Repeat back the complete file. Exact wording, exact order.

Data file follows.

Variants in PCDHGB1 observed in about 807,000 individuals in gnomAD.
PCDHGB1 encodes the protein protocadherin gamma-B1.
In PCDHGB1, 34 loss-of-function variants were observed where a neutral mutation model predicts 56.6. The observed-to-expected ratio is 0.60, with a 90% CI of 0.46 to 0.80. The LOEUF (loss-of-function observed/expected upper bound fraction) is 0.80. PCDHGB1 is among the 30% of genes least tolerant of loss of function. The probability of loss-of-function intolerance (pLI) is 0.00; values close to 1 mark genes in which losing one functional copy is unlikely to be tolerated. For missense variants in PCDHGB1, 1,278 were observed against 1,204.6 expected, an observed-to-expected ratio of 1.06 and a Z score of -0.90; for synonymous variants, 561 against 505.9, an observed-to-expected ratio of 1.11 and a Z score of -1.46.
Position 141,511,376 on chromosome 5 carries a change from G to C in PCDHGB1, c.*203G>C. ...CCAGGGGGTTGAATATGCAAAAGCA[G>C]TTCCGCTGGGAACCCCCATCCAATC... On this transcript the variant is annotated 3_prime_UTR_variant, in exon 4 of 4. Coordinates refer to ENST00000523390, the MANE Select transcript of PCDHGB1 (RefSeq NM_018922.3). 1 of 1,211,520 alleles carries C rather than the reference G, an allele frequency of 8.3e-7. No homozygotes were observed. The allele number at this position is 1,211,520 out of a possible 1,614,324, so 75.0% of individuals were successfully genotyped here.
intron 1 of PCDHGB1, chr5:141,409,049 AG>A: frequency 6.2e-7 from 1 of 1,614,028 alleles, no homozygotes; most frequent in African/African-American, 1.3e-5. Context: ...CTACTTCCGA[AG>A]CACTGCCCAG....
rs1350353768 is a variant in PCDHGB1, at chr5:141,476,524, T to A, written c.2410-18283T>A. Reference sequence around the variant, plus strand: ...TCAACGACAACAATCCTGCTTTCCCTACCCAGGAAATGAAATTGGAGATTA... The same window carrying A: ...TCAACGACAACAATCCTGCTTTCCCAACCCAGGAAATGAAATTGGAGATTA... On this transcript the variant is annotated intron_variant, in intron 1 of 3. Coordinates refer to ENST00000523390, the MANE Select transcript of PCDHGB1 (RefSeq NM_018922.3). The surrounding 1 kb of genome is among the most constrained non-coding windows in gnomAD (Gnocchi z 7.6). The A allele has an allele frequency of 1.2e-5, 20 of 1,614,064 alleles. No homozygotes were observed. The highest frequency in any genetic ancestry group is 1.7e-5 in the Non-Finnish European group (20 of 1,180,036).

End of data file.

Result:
Variants in PCDHGB1 observed in about 807,000 individuals in gnomAD.
PCDHGB1 encodes the protein protocadherin gamma-B1.
In PCDHGB1, 34 loss-of-function variants were observed where a neutral mutation model predicts 56.6. The observed-to-expected ratio is 0.60, with a 90% CI of 0.46 to 0.80. The LOEUF (loss-of-function observed/expected upper bound fraction) is 0.80. PCDHGB1 is among the 30% of genes least tolerant of loss of function. The probability of loss-of-function intolerance (pLI) is 0.00; values close to 1 mark genes in which losing one functional copy is unlikely to be tolerated. For missense variants in PCDHGB1, 1,278 were observed against 1,204.6 expected, an observed-to-expected ratio of 1.06 and a Z score of -0.90; for synonymous variants, 561 against 505.9, an observed-to-expected ratio of 1.11 and a Z score of -1.46.
Position 141,511,376 on chromosome 5 carries a change from G to C in PCDHGB1, c.*203G>C. ...CCAGGGGGTTGAATATGCAAAAGCA[G>C]TTCCGCTGGGAACCCCCATCCAATC... On this transcript the variant is annotated 3_prime_UTR_variant, in exon 4 of 4. Coordinates refer to ENST00000523390, the MANE Select transcript of PCDHGB1 (RefSeq NM_018922.3). 1 of 1,211,520 alleles carries C rather than the reference G, an allele frequency of 8.3e-7. No homozygotes were observed. The allele number at this position is 1,211,520 out of a possible 1,614,324, so 75.0% of individuals were successfully genotyped here.
intron 1 of PCDHGB1, chr5:141,409,049 AG>A: frequency 6.2e-7 from 1 of 1,614,028 alleles, no homozygotes; most frequent in African/African-American, 1.3e-5. Context: ...CTACTTCCGA[AG>A]CACTGCCCAG....
rs1350353768 is a variant in PCDHGB1, at chr5:141,476,524, T to A, written c.2410-18283T>A. Reference sequence around the variant, plus strand: ...TCAACGACAACAATCCTGCTTTCCCTACCCAGGAAATGAAATTGGAGATTA... The same window carrying A: ...TCAACGACAACAATCCTGCTTTCCCAACCCAGGAAATGAAATTGGAGATTA... On this transcript the variant is annotated intron_variant, in intron 1 of 3. Coordinates refer to ENST00000523390, the MANE Select transcript of PCDHGB1 (RefSeq NM_018922.3). The surrounding 1 kb of genome is among the most constrained non-coding windows in gnomAD (Gnocchi z 7.6). The A allele has an allele frequency of 1.2e-5, 20 of 1,614,064 alleles. No homozygotes were observed. The highest frequency in any genetic ancestry group is 1.7e-5 in the Non-Finnish European group (20 of 1,180,036).